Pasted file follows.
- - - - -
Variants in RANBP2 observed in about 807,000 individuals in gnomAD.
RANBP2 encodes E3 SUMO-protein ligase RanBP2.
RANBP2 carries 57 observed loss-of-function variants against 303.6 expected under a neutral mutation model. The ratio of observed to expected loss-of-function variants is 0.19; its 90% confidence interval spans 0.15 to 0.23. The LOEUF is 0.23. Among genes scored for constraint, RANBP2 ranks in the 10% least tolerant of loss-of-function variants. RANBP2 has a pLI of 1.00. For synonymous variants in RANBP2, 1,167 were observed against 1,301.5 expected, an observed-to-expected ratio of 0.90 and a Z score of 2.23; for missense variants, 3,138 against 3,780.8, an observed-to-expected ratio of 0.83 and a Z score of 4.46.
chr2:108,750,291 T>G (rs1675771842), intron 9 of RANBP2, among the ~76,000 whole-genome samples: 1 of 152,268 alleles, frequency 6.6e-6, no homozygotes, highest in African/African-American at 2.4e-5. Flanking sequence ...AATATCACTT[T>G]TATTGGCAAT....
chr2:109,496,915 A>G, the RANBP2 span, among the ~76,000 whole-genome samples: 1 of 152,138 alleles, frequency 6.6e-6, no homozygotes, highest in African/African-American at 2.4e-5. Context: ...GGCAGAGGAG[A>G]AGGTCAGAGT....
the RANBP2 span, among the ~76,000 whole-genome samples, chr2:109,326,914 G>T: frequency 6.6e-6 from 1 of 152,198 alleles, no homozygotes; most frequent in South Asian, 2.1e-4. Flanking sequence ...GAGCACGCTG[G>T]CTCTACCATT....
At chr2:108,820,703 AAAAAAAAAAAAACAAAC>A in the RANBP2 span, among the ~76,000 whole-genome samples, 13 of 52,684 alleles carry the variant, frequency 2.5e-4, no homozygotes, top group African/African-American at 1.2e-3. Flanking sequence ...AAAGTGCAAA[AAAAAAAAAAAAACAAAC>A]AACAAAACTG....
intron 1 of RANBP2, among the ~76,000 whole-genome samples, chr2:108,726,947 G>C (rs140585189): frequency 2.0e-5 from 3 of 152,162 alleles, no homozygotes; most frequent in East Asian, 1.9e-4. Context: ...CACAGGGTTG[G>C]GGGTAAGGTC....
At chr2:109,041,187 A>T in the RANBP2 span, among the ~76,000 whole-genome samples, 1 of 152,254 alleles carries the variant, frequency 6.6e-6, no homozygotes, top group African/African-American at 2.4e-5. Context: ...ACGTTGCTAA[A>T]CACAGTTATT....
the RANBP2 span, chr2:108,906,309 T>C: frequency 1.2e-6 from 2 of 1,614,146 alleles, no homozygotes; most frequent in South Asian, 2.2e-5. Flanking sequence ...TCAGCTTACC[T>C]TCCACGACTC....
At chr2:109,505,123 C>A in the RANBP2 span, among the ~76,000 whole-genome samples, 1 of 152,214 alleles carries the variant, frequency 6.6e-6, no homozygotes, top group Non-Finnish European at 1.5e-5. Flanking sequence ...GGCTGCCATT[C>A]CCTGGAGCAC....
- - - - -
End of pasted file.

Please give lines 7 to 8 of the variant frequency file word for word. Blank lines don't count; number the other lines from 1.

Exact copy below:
At chr2:108,820,703 AAAAAAAAAAAAACAAAC>A in the RANBP2 span, among the ~76,000 whole-genome samples, 13 of 52,684 alleles carry the variant, frequency 2.5e-4, no homozygotes, top group African/African-American at 1.2e-3. Flanking sequence ...AAAGTGCAAA[AAAAAAAAAAAAACAAAC>A]AACAAAACTG....
intron 1 of RANBP2, among the ~76,000 whole-genome samples, chr2:108,726,947 G>C (rs140585189): frequency 2.0e-5 from 3 of 152,162 alleles, no homozygotes; most frequent in East Asian, 1.9e-4. Context: ...CACAGGGTTG[G>C]GGGTAAGGTC....